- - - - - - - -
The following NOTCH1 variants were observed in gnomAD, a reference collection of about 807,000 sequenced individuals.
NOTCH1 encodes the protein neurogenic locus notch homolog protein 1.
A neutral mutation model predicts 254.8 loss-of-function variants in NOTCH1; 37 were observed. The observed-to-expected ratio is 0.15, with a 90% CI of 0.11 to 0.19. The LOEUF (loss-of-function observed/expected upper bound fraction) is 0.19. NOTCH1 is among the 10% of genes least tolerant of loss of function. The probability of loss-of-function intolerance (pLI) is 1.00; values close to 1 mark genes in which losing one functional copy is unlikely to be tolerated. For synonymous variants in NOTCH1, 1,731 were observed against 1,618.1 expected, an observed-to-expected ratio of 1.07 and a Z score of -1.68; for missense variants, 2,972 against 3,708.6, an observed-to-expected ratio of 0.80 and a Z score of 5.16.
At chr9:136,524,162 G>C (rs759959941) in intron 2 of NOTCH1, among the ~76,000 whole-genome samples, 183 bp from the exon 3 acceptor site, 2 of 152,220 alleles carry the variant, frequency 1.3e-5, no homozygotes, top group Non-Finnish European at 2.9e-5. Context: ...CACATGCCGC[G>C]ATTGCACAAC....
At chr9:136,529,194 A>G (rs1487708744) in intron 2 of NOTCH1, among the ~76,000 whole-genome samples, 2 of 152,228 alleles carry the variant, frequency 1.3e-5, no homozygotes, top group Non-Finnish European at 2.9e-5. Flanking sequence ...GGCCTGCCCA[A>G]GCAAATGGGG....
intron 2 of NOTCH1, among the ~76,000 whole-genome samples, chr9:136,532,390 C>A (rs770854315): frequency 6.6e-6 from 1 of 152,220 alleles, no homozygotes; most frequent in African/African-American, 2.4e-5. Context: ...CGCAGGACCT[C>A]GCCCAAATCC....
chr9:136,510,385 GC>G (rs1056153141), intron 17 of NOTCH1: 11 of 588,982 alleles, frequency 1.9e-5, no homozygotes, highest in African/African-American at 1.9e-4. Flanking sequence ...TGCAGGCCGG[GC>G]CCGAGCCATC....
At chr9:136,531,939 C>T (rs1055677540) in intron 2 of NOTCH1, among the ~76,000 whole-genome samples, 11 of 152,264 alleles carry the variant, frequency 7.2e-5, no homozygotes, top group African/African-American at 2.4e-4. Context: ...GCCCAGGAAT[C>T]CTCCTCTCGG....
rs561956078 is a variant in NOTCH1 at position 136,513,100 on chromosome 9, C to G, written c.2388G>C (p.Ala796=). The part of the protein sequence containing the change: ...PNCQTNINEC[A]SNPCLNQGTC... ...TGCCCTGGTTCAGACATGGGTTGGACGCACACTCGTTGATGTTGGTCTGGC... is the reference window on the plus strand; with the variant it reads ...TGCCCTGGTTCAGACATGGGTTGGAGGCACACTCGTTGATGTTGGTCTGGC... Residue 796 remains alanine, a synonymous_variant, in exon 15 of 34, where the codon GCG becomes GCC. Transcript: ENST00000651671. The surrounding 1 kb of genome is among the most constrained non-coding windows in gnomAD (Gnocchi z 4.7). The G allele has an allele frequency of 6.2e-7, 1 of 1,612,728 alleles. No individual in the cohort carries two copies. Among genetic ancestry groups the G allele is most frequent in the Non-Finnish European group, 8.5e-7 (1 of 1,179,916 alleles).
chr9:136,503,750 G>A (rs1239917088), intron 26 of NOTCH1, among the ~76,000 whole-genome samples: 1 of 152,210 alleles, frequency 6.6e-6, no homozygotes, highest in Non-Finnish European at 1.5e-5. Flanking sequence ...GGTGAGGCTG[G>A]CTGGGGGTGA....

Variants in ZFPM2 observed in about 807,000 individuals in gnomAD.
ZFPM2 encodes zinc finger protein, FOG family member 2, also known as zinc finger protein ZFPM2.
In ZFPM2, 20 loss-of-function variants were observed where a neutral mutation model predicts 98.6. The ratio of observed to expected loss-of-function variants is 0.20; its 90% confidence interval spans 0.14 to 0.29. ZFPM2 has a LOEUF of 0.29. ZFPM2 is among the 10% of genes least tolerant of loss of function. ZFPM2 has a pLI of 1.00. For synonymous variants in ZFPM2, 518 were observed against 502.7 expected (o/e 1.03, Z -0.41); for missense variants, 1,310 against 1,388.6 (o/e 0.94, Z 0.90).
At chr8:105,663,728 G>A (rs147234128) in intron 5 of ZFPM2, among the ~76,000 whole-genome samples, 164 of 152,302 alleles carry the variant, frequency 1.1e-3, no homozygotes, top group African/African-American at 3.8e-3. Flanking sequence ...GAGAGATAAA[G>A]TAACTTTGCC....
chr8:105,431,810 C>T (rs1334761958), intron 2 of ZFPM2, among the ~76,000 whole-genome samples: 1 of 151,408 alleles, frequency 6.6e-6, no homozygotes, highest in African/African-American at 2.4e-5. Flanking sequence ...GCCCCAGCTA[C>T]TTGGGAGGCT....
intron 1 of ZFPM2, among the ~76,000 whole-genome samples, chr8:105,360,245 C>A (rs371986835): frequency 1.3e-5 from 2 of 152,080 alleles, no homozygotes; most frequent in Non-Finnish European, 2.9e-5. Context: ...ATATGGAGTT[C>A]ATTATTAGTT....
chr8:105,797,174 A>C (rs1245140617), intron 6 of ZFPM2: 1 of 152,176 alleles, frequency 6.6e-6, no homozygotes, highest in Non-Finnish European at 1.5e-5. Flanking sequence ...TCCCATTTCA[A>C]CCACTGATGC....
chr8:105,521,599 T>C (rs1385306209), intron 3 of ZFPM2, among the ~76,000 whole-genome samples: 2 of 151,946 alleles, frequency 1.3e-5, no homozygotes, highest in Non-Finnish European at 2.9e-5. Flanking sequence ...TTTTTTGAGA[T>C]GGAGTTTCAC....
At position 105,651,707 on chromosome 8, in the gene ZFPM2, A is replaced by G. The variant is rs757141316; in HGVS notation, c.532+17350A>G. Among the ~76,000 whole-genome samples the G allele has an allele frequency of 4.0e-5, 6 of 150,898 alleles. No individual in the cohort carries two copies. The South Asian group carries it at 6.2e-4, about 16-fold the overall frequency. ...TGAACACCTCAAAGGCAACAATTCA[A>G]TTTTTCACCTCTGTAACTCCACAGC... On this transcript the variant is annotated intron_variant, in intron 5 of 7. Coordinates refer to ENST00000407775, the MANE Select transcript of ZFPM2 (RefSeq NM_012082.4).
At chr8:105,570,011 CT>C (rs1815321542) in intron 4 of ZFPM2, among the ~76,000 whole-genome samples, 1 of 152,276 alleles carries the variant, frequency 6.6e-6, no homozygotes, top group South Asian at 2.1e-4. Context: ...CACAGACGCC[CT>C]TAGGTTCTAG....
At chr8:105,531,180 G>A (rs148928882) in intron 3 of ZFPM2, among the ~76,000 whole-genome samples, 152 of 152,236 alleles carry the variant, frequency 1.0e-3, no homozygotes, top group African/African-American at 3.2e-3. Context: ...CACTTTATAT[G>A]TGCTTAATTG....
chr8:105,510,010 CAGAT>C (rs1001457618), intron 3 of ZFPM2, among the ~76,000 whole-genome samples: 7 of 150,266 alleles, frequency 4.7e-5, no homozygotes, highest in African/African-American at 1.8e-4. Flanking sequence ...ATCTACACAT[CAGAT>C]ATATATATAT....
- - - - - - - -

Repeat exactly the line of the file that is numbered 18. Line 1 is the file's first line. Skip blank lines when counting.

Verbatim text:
chr8:105,521,599 T>C (rs1385306209), intron 3 of ZFPM2, among the ~76,000 whole-genome samples: 2 of 151,946 alleles, frequency 1.3e-5, no homozygotes, highest in Non-Finnish European at 2.9e-5. Flanking sequence ...TTTTTTGAGA[T>C]GGAGTTTCAC....